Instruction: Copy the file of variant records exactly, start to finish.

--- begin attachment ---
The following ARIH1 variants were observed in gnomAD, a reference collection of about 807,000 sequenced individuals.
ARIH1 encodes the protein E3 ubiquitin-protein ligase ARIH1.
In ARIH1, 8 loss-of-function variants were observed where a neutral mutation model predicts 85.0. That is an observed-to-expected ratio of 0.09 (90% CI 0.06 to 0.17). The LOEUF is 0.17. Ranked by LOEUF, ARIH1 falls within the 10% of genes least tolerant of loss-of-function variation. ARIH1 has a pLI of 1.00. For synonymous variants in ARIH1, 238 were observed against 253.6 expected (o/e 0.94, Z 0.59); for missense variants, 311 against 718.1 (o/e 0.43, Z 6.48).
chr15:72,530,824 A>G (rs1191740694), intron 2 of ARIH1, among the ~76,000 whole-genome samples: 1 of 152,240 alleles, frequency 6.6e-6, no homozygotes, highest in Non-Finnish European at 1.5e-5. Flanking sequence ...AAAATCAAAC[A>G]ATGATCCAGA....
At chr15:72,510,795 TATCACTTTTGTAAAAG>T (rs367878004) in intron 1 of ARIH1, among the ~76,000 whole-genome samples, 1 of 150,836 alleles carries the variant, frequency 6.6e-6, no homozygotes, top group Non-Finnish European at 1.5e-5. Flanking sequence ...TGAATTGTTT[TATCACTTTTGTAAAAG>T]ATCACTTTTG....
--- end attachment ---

The following ARIH1 variants were observed in gnomAD, a reference collection of about 807,000 sequenced individuals.
ARIH1 encodes the protein E3 ubiquitin-protein ligase ARIH1.
In ARIH1, 8 loss-of-function variants were observed where a neutral mutation model predicts 85.0. That is an observed-to-expected ratio of 0.09 (90% CI 0.06 to 0.17). The LOEUF is 0.17. Ranked by LOEUF, ARIH1 falls within the 10% of genes least tolerant of loss-of-function variation. ARIH1 has a pLI of 1.00. For synonymous variants in ARIH1, 238 were observed against 253.6 expected (o/e 0.94, Z 0.59); for missense variants, 311 against 718.1 (o/e 0.43, Z 6.48).
chr15:72,530,824 A>G (rs1191740694), intron 2 of ARIH1, among the ~76,000 whole-genome samples: 1 of 152,240 alleles, frequency 6.6e-6, no homozygotes, highest in Non-Finnish European at 1.5e-5. Flanking sequence ...AAAATCAAAC[A>G]ATGATCCAGA....
At chr15:72,510,795 TATCACTTTTGTAAAAG>T (rs367878004) in intron 1 of ARIH1, among the ~76,000 whole-genome samples, 1 of 150,836 alleles carries the variant, frequency 6.6e-6, no homozygotes, top group Non-Finnish European at 1.5e-5. Flanking sequence ...TGAATTGTTT[TATCACTTTTGTAAAAG>T]ATCACTTTTG....